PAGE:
and voluntarily send in the appropriate amount of tax on any
purchases on which sales tax was not collected by the vendor. The
revenue office of your state will be happy to supply the proper forms
. The difference is that a vendor who does not have a business
presence in your state is not required to collect the tax. You are
still supposed to pay it.

Al
mailto:@Alan_Balmer


#18

I finally have to speak up. You have to take into account your
audience here; every state looks at purchases of tools, etc.
differently. Here in Wisconsin, we have a sales & USE tax. This law
means that if you order a tool or supply from out of state and pay no
sales tax on the purchase, that you must report said purchase on the
Sales & Use Tax remittance form and pay the sales tax on the purchase
to Wisconsin(5%). A lot of people ignore this, but wait for the audit
and that’s the first thing they check. Basically, if you use it,
consume it, hold as a sample, or take out of inventory for personal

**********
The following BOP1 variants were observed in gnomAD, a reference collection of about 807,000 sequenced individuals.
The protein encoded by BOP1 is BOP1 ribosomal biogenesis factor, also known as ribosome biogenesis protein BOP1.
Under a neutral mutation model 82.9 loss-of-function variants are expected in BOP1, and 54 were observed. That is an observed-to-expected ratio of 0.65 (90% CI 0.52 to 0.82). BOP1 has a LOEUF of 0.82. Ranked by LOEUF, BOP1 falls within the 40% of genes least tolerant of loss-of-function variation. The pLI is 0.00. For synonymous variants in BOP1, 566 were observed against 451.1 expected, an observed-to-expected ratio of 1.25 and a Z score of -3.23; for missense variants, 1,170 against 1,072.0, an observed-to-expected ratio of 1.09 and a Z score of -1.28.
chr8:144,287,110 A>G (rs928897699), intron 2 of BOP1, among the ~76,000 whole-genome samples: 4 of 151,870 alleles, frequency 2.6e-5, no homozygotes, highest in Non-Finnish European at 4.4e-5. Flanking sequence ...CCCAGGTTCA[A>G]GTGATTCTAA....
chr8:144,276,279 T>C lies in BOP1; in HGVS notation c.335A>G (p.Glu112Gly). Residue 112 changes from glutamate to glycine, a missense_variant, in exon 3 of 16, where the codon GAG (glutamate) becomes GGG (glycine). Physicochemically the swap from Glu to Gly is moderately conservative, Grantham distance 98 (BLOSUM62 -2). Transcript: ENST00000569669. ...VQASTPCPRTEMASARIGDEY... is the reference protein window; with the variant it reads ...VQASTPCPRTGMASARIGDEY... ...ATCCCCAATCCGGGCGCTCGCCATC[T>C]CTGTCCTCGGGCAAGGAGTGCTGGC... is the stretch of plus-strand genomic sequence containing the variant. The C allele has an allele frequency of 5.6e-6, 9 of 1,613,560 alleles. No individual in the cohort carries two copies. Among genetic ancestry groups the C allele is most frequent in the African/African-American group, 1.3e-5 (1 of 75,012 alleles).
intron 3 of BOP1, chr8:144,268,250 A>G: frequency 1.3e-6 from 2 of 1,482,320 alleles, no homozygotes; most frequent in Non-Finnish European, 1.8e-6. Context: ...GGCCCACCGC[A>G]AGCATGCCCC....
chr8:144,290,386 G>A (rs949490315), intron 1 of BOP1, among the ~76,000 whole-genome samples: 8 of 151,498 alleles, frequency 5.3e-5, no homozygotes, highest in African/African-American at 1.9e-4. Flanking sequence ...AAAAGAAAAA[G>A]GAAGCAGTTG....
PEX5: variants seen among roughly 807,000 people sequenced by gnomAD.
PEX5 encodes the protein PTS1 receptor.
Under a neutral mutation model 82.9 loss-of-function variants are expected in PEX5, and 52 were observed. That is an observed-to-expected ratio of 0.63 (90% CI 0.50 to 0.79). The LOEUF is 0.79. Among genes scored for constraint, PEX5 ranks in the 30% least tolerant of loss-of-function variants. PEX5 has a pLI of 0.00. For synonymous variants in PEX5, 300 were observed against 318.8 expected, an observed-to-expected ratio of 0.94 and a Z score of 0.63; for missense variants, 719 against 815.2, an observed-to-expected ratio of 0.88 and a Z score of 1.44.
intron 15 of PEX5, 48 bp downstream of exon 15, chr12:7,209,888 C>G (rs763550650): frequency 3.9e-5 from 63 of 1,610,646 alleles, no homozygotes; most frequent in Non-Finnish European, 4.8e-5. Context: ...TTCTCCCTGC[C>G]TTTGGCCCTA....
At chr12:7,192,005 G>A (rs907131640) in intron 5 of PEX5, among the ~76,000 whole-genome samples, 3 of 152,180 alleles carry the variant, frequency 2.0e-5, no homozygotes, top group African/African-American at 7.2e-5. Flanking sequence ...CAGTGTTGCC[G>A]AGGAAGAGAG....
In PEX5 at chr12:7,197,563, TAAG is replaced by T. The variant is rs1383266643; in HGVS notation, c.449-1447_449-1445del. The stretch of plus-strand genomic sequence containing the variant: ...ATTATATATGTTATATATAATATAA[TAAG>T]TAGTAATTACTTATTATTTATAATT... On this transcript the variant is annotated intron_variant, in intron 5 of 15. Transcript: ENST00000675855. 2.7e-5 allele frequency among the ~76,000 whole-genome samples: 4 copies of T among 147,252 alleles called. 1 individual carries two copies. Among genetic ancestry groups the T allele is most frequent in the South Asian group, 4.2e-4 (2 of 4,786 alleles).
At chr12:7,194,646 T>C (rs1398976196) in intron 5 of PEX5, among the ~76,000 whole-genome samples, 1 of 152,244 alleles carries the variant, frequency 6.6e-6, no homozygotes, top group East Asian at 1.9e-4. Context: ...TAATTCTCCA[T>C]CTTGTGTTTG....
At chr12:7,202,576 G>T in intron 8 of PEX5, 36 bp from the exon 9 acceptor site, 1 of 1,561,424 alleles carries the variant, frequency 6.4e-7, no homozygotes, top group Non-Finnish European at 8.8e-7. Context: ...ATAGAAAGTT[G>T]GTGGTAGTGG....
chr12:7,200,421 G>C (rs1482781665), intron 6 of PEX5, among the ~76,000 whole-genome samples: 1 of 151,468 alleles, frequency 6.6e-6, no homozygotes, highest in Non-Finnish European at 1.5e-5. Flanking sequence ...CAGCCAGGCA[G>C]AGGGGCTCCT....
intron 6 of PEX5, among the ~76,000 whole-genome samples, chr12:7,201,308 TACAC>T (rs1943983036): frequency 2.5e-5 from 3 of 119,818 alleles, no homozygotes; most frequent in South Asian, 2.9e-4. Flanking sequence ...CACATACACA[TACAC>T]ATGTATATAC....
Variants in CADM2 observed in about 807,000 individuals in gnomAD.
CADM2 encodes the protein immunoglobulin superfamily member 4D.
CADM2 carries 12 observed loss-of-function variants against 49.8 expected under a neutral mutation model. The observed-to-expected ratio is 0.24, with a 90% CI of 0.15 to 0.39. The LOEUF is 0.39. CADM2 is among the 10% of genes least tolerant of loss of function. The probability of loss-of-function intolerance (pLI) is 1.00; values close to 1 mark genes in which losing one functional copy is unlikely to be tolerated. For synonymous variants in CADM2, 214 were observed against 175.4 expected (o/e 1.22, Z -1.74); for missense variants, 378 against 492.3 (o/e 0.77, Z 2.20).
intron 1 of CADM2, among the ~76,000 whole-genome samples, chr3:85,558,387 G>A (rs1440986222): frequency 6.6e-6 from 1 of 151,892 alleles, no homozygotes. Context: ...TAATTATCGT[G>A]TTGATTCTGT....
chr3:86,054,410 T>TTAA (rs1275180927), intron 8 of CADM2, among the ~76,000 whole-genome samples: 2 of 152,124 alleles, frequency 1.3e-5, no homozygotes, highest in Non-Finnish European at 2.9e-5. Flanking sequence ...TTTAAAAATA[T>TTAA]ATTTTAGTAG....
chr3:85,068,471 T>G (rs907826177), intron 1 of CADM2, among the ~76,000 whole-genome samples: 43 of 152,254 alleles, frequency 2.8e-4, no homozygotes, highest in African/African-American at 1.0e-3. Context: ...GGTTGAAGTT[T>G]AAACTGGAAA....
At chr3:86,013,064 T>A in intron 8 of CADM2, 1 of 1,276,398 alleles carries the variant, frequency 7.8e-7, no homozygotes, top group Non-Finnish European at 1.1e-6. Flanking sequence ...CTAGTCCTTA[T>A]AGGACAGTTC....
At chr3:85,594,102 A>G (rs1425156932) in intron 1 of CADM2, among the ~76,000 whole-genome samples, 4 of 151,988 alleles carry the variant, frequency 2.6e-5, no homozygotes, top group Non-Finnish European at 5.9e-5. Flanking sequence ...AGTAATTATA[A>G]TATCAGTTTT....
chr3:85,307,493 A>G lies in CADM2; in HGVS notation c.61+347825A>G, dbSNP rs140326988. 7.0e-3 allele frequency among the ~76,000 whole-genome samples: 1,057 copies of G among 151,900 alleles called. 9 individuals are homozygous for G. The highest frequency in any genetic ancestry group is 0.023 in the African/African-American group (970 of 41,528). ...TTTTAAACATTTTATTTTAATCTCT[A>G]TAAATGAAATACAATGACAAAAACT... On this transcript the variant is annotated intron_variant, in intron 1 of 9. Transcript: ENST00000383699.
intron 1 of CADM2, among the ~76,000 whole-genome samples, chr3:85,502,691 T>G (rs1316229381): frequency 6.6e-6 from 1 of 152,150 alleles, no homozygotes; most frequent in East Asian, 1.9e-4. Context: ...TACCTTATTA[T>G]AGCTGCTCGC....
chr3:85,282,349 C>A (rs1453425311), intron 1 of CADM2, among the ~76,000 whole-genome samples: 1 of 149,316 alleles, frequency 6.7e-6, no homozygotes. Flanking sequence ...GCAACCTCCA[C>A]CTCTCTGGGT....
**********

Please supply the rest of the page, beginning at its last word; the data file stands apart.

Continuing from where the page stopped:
use, you’ve got to pay up the tax. --That said, I am not a CPA and am
not offering advice, only my interpretation of the law as I see it;
ask your CPA for advice.


#19

Ahh… this is not necessarily true. The state issuing the
certificate will have publications regarding what is taxable and what
is not.

I thought this was more of a federal issue and what the IRS
regulates. Anyway, it’s always up to the individual as to how much
personal risk they are willing to assume when purchasing items and
indicating if they are for resale. I personally like to play it safe
and talk to my accountant.

Lori Bugaj


#20
The state issuing the certificate will have publications
regarding what is taxable and what  is not. I thought this was
more of a federal issue and what the IRS regulates. 

Not so - the Feds are NOT involved in sales taxes (yet) - sales and
use taxes are strictly states’ concerns and each of our fair fifty
has its own convoluted set of rules and regs designed to keep lawyers
and accountants busy and happy as clams - ain’t government wonderful?

Mike